In 2013, I and my co-founder Saad, travelled to NYC to meet a native-ad company we worked with. We were one of the largest publishers for the native-ad company at that point, and they took a lot of interest in our business. They wanted to learn more about us and our work and so we were invited to their office to deliver a keynote, where we also met one of our relationship managers, Shane.
We also met Shane a few days later on a cold December night, while he hosted us for a mouthwatering steak. Later he invited us to his place which over-saw the breathtaking Hudson river. An unrelated but interesting event, he invited over another friend who smoked weed at his apartment which I saw happen for the first time in my life. On his bed, I saw two MacBook Pros, identical to each other with the same specs and colors. I was surprised and I wondered why would someone buy two identical laptops. And so I took the liberty to ask.
I was shocked with the answer I got. Shane had two MacBooks because one of them was given to him by his employer – the native ad company while the other one was his private property. I learnt that Shane also gives out freelance consulting on the side and doesn’t do it on his employer’s MacBook.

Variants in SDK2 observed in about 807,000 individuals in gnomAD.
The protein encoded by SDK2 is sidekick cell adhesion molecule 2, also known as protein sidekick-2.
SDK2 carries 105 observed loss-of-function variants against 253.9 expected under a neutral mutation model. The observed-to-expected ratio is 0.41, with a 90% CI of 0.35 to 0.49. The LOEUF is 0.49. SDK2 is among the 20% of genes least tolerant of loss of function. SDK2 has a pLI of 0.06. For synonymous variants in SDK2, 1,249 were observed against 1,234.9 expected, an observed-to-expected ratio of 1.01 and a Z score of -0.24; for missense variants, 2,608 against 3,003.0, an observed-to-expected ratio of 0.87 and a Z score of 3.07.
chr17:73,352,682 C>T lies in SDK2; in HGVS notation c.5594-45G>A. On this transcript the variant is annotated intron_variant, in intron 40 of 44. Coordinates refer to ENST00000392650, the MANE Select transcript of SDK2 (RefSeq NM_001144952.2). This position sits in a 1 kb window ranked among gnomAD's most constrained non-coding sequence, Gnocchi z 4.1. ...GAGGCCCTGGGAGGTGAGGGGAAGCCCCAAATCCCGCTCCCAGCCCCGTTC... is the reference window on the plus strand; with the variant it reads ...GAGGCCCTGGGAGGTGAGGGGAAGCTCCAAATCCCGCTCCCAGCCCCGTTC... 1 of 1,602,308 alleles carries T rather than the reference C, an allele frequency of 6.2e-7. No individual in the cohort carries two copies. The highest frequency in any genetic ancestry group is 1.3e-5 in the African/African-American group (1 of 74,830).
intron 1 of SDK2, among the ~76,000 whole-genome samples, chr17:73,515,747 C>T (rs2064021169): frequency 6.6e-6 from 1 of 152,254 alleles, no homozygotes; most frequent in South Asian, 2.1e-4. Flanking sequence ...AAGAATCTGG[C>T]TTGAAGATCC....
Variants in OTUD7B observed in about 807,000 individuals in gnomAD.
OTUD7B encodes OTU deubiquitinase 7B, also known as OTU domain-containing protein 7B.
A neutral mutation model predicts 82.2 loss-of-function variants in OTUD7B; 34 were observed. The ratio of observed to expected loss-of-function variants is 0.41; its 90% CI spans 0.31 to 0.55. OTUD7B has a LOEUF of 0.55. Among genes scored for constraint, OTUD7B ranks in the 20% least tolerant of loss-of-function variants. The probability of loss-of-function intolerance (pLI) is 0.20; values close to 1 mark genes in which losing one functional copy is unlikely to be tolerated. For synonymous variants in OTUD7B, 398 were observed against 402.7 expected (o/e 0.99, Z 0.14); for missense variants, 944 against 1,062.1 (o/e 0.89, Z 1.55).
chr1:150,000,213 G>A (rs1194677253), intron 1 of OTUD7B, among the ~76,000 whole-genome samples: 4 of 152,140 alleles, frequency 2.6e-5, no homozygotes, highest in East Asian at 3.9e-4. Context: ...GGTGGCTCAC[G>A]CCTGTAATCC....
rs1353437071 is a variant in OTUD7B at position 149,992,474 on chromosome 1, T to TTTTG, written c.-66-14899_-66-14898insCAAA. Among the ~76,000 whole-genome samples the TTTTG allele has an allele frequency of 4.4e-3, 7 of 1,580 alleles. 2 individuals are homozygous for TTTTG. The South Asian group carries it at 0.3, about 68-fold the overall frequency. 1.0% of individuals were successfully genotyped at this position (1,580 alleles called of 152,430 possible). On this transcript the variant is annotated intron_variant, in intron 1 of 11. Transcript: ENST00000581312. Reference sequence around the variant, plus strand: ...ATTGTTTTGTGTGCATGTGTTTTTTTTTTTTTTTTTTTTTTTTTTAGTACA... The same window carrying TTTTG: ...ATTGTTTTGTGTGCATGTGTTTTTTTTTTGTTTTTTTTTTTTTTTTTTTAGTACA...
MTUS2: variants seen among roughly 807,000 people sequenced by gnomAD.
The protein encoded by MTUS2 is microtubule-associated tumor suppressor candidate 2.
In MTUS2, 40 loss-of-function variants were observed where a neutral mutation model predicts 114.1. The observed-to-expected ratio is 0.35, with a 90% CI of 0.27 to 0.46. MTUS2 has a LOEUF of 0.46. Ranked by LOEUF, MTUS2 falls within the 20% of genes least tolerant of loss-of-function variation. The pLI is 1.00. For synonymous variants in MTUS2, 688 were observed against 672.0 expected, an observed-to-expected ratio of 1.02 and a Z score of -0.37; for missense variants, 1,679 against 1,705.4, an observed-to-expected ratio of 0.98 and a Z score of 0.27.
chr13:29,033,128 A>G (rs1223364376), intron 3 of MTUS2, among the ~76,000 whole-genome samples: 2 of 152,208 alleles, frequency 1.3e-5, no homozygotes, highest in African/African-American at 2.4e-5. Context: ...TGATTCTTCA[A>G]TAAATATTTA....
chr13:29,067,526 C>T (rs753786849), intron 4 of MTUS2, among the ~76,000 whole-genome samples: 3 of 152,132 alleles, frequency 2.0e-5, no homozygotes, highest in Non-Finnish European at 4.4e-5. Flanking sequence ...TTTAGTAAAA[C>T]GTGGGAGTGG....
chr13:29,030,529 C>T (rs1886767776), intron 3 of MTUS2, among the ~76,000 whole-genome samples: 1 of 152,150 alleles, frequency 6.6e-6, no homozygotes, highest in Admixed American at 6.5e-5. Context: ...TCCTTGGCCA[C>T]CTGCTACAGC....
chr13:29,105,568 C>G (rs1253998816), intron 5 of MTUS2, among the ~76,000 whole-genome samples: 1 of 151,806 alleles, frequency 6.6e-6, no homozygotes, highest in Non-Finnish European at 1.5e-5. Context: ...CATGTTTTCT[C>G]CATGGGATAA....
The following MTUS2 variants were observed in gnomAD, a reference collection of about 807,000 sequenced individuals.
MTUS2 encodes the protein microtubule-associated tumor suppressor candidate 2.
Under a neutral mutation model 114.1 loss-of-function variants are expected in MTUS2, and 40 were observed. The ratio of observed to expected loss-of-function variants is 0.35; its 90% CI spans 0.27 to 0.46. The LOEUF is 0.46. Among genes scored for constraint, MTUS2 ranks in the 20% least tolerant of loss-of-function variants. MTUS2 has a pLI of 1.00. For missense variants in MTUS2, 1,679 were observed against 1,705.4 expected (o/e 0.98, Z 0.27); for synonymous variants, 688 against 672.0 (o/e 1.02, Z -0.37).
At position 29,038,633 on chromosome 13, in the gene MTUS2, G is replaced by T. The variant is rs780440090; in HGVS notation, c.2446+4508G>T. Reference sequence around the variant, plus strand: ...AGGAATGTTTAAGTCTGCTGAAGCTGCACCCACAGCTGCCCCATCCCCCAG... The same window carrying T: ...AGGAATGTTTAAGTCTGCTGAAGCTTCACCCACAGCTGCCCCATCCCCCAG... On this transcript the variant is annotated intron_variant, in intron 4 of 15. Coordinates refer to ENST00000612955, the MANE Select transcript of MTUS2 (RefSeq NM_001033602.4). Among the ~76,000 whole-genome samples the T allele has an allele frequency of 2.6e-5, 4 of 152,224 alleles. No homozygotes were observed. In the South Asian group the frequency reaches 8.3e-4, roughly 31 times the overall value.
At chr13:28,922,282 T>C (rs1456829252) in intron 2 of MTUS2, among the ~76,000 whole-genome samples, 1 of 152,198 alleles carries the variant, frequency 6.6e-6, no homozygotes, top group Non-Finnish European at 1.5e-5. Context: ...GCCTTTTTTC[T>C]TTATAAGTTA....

The reason why he doesn’t do it is because of “conflict of interest” which is roughly defined at Wikipedia as a situation in which a person or organization is involved in multiple interests, financial or otherwise, and serving one interest could involve working against another.
And by Shane’s definition of conflict of interest, using his employer’s MacBook to generate freelance consulting revenue on the side is a violation of trust put in him by his employer.
Since then, I’ve taken conflict of interest very seriously. I have kept it close to my heart. I’ve avoided it as much as practically possible for me. I’ve encouraged others to do the same and I hope and expect that Pakistani entrepreneurs will start to avoid or mitigate conflict of interest seriously.